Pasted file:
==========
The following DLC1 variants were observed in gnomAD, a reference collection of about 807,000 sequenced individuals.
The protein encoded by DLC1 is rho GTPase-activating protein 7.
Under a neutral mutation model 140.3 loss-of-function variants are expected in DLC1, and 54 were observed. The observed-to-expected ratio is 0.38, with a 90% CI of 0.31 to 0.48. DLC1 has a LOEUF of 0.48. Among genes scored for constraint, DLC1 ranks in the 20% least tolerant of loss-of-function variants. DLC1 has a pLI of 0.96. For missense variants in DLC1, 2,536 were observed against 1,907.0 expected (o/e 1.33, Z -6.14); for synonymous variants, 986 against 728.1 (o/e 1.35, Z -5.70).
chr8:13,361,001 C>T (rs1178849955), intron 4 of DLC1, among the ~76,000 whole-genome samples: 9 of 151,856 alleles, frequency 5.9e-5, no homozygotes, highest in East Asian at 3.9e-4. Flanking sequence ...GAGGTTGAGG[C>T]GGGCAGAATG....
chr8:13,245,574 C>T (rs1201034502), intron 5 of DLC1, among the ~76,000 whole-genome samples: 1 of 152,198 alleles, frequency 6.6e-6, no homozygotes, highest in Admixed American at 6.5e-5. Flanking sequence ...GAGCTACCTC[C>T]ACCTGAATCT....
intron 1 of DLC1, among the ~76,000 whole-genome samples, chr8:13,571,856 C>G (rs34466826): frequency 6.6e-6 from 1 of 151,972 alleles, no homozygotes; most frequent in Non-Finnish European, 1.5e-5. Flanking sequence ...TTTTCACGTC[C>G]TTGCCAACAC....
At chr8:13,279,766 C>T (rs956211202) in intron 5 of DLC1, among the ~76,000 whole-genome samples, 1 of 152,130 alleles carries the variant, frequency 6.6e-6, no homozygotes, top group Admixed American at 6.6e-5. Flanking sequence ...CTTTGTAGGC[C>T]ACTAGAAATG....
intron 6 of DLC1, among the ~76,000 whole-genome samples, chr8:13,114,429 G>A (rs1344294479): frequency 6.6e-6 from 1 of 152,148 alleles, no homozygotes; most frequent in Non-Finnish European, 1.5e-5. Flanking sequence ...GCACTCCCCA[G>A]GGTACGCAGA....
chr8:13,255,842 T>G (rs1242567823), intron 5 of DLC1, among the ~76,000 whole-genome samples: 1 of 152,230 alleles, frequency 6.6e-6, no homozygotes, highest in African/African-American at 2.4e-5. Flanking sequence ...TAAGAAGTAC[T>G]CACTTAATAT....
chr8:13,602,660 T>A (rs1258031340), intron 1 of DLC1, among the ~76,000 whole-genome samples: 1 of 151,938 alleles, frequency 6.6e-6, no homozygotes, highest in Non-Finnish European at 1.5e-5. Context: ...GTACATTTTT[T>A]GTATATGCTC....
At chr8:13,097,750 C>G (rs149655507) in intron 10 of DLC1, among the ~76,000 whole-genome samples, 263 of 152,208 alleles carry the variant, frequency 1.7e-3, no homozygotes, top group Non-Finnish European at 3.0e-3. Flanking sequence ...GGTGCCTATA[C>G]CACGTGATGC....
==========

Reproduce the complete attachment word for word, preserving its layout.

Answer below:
The following DLC1 variants were observed in gnomAD, a reference collection of about 807,000 sequenced individuals.
The protein encoded by DLC1 is rho GTPase-activating protein 7.
Under a neutral mutation model 140.3 loss-of-function variants are expected in DLC1, and 54 were observed. The observed-to-expected ratio is 0.38, with a 90% CI of 0.31 to 0.48. DLC1 has a LOEUF of 0.48. Among genes scored for constraint, DLC1 ranks in the 20% least tolerant of loss-of-function variants. DLC1 has a pLI of 0.96. For missense variants in DLC1, 2,536 were observed against 1,907.0 expected (o/e 1.33, Z -6.14); for synonymous variants, 986 against 728.1 (o/e 1.35, Z -5.70).
chr8:13,361,001 C>T (rs1178849955), intron 4 of DLC1, among the ~76,000 whole-genome samples: 9 of 151,856 alleles, frequency 5.9e-5, no homozygotes, highest in East Asian at 3.9e-4. Flanking sequence ...GAGGTTGAGG[C>T]GGGCAGAATG....
chr8:13,245,574 C>T (rs1201034502), intron 5 of DLC1, among the ~76,000 whole-genome samples: 1 of 152,198 alleles, frequency 6.6e-6, no homozygotes, highest in Admixed American at 6.5e-5. Flanking sequence ...GAGCTACCTC[C>T]ACCTGAATCT....
intron 1 of DLC1, among the ~76,000 whole-genome samples, chr8:13,571,856 C>G (rs34466826): frequency 6.6e-6 from 1 of 151,972 alleles, no homozygotes; most frequent in Non-Finnish European, 1.5e-5. Flanking sequence ...TTTTCACGTC[C>G]TTGCCAACAC....
At chr8:13,279,766 C>T (rs956211202) in intron 5 of DLC1, among the ~76,000 whole-genome samples, 1 of 152,130 alleles carries the variant, frequency 6.6e-6, no homozygotes, top group Admixed American at 6.6e-5. Flanking sequence ...CTTTGTAGGC[C>T]ACTAGAAATG....
intron 6 of DLC1, among the ~76,000 whole-genome samples, chr8:13,114,429 G>A (rs1344294479): frequency 6.6e-6 from 1 of 152,148 alleles, no homozygotes; most frequent in Non-Finnish European, 1.5e-5. Flanking sequence ...GCACTCCCCA[G>A]GGTACGCAGA....
chr8:13,255,842 T>G (rs1242567823), intron 5 of DLC1, among the ~76,000 whole-genome samples: 1 of 152,230 alleles, frequency 6.6e-6, no homozygotes, highest in African/African-American at 2.4e-5. Flanking sequence ...TAAGAAGTAC[T>G]CACTTAATAT....
chr8:13,602,660 T>A (rs1258031340), intron 1 of DLC1, among the ~76,000 whole-genome samples: 1 of 151,938 alleles, frequency 6.6e-6, no homozygotes, highest in Non-Finnish European at 1.5e-5. Context: ...GTACATTTTT[T>A]GTATATGCTC....
At chr8:13,097,750 C>G (rs149655507) in intron 10 of DLC1, among the ~76,000 whole-genome samples, 263 of 152,208 alleles carry the variant, frequency 1.7e-3, no homozygotes, top group Non-Finnish European at 3.0e-3. Flanking sequence ...GGTGCCTATA[C>G]CACGTGATGC....